The young man punched Houdini and ruptured the appendix. Houdini was in pain, but assumed nothing. During his last performance, Houdini’s staff and wife performed the illusions for him. He died several days later from poisoning from the appendix.

    What have you heard?

  3. I always heard that story too, although not in quite as much detail (hmmm, no ever mentioned it was a reporter before. Interesting.) Then World’s little kiddy cousin God’s World News ran a story about the controversy.

    Apparently, there was some mystic group that Houdini had run afoul of (they claimed his illusions were due to pagan/spiritual power, while he argued/admitted it was all show, thus negating the fame they were trying to achieve at the time), and they had threatened his life on numerous occaisions. At the time of his death, it wassuspected that they had actually poisoned him, but there wasn’t the technology available to test whether it was just appendix poison or also something else. It seems someone wants to do an actual autopsy on him (they’re disembalming his corpse for DNA testing anyway) to see whether or not it was just his appendix.

    Its an excellent lesson in being wary of pride, presumption, and the press!

  4. Hmmm.

    I hadn’t heard of that group. I can pretty safely attest that Houdini was not using “magic.” I’ve seen the techniques for some of his illusions and they were just that: illusions. ALL stage magicians use scientific principals and sleight of hand.

    As for his involvement in the occult. Houdini was strongly influenced by the occult. He sought to communicate with his mother for years. He consistently sought out mediums to find one that could speak with the dead. He never found one who could. When he found another fraud, he exposed them as such.

    Houdini went so far as to create a secret passphrase with his wife. In the event that one of them died, the other would try to communicate using the passphrase as proof of that it was true communication with the dead.

    I’ll have to dig into the controversy when I get some time. Thanks for letting me know about it.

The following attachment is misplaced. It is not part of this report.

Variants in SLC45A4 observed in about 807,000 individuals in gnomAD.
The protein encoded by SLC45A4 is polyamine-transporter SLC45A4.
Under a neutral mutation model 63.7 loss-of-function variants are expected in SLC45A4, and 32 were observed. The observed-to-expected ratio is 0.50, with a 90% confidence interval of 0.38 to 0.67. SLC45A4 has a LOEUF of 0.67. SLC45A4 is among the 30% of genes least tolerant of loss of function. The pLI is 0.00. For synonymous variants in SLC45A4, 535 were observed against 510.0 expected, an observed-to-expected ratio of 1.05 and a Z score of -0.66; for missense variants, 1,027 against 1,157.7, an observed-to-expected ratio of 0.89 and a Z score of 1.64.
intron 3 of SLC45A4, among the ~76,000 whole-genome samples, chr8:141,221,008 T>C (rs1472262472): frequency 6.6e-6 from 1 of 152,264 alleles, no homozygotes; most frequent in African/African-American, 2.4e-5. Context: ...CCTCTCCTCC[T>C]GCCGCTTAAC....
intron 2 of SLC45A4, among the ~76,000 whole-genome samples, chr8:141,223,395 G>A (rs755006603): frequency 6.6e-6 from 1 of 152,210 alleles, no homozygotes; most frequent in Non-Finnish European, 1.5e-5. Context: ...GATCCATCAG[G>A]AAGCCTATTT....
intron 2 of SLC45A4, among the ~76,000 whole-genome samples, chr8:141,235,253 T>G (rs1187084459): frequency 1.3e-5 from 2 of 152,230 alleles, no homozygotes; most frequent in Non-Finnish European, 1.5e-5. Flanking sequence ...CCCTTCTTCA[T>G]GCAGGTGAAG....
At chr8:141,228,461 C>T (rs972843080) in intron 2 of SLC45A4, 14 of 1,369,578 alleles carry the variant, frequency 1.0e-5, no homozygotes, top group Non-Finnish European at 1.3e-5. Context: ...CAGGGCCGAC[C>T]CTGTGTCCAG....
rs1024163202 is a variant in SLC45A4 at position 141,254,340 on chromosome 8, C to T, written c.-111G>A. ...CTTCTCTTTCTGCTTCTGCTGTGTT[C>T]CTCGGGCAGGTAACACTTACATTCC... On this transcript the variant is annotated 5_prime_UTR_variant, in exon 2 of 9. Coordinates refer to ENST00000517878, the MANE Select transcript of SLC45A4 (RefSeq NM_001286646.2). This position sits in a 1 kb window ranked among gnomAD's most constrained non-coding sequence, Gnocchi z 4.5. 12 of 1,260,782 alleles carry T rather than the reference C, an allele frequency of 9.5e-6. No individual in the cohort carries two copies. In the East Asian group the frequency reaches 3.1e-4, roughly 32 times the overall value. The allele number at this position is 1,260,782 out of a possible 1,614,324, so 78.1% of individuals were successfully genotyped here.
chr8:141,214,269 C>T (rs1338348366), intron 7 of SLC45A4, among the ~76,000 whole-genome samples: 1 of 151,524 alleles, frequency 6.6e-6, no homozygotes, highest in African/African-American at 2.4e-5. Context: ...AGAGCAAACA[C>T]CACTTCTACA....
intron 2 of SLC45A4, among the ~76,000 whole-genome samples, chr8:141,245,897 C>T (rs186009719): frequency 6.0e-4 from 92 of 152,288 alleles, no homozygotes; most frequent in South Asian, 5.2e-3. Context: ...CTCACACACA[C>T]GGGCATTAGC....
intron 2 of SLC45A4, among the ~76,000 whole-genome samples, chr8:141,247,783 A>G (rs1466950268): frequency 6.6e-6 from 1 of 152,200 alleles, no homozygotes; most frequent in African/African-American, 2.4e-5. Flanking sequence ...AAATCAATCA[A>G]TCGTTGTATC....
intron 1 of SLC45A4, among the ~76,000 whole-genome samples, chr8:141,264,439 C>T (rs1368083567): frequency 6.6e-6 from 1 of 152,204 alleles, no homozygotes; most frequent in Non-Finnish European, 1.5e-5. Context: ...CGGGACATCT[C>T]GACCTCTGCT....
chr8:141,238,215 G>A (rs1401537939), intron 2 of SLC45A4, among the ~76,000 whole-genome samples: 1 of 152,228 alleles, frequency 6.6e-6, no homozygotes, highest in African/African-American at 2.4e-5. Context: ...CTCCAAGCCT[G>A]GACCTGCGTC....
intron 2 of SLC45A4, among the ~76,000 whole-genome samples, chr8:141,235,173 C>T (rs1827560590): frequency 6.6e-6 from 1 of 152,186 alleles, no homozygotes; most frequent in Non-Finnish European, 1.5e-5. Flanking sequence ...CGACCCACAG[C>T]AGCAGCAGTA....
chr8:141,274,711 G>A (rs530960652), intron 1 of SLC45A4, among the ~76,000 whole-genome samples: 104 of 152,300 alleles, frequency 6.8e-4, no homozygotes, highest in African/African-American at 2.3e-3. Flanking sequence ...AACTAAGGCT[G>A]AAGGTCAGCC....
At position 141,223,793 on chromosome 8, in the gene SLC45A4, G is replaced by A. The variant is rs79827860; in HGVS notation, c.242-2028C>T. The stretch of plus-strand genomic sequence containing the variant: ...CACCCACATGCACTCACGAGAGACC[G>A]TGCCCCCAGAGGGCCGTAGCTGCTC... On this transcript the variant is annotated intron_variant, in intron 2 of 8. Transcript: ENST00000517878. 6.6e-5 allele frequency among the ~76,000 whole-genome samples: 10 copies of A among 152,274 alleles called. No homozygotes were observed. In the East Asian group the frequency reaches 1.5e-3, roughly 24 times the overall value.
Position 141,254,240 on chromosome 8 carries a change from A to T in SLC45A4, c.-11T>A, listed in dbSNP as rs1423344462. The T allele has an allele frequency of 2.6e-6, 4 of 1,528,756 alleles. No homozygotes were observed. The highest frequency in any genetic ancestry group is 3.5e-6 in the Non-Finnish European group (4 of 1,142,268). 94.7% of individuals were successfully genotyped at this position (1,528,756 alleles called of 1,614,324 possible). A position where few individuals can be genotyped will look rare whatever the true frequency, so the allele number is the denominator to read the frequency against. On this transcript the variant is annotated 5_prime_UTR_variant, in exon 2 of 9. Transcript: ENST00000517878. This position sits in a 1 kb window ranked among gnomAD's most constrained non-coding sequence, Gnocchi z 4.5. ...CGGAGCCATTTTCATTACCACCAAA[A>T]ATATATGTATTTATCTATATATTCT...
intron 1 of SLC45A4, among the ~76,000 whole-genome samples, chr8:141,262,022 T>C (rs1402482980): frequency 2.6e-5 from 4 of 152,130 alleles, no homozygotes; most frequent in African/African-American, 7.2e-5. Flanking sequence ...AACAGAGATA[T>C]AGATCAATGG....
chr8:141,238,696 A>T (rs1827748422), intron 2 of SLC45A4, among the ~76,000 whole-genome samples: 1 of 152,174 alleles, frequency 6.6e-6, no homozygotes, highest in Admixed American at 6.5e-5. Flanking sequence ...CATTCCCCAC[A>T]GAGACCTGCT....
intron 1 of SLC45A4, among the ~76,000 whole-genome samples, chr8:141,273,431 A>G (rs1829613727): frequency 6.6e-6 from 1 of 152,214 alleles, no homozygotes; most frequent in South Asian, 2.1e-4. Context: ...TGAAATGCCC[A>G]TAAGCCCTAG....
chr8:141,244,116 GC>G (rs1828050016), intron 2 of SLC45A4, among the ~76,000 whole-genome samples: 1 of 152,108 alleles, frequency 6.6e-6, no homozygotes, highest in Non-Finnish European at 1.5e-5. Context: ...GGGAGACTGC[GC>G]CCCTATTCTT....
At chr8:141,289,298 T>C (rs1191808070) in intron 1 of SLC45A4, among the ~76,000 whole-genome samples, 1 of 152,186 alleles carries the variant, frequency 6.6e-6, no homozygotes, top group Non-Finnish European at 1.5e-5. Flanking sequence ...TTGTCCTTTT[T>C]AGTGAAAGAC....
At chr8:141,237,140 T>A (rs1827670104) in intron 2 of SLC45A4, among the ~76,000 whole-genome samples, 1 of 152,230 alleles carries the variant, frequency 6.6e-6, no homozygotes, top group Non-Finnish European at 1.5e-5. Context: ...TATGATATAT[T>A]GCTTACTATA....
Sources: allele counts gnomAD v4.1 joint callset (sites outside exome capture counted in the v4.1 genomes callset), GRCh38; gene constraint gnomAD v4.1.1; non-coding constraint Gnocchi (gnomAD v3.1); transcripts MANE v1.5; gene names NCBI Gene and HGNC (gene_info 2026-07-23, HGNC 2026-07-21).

5. Thank you for the excellent reveiw! Its interesting that so many con-artist tricks are as old as the hills.

    I can easily see him offending a group if he patronized them and then revealed them as fakes. Sounds like there were many candidates for that description.

    Even if we all know its not real magic, its fun to see the tricks anyway. Have you ever watched that tv show “Magic’s Greatest Secrets Finally Revealed”; same idea as Houdini, only the trick is explained at the end of the show. I loved that when I was a kid. They did basic tricks, usually, not complicated ones.

  6. I have seen those shows, and to be honest, I’m not a big fan of them. Having performed a few effects myself, (mostly pasteboard prestidigitation) I have seen that most people have a lower opinion of illusions after seeing the solution. It is the wonder of not understanding that makes the effect enjoyable.

    Just my opinion, but those shows tend to detract from the effect and the pleasure of the audience. There is always someone in the audience who has to spill the beans for those enjoying the effect. 🙂

    And no, I’m not bitter. much…

  7. That’s interesting! I appriciate the magic tricks alot more when I know how they are done. Just like it will be more fun when someone mentions Houdini in the future, because I know more about him from your comments. You’re probably right about most people, though.

  8. Well, I know that I love to see how it is done (or figure it out, because I appreciate the craft and skill). I also loved to be amazed when someone like Michael Ammar defies physics in front of my eyes. 😀

    But, the people who fall into that category are far smaller than those who lose interest when they know the secret. To each their own.

  9. Has anyone read “The Kite Runner”? (I post that question here because it seems it would fall under the “Historical/ Current Events” Category) What were your thoughts on it? What about his next book, which is quite hot off the press– “A Thousand Splendid Suns?”

  10. Sorry, never read any of Hosseini’s works. I do know that the book “Kite Runner” has some objectional materials. The material is sufficiently offensive to have caused fear for the boy’s life (the actor for the recent movie).

    But, honestly, other than an author interview on NPR, I know absolutely nothing about it. Have you read it?

  11. Havn’t read the book; reveiws of the movie were quite detailed though. It describes a common circumstance in the Muslim world, as I understand it. Get to know a missionary/convert from that part of the world is my preffered tactic. There’s a great festival for that in the Northwest United States this weekend: MissionConneXion.

    Although, since books are the forte here; have you read “Princess”, Christina?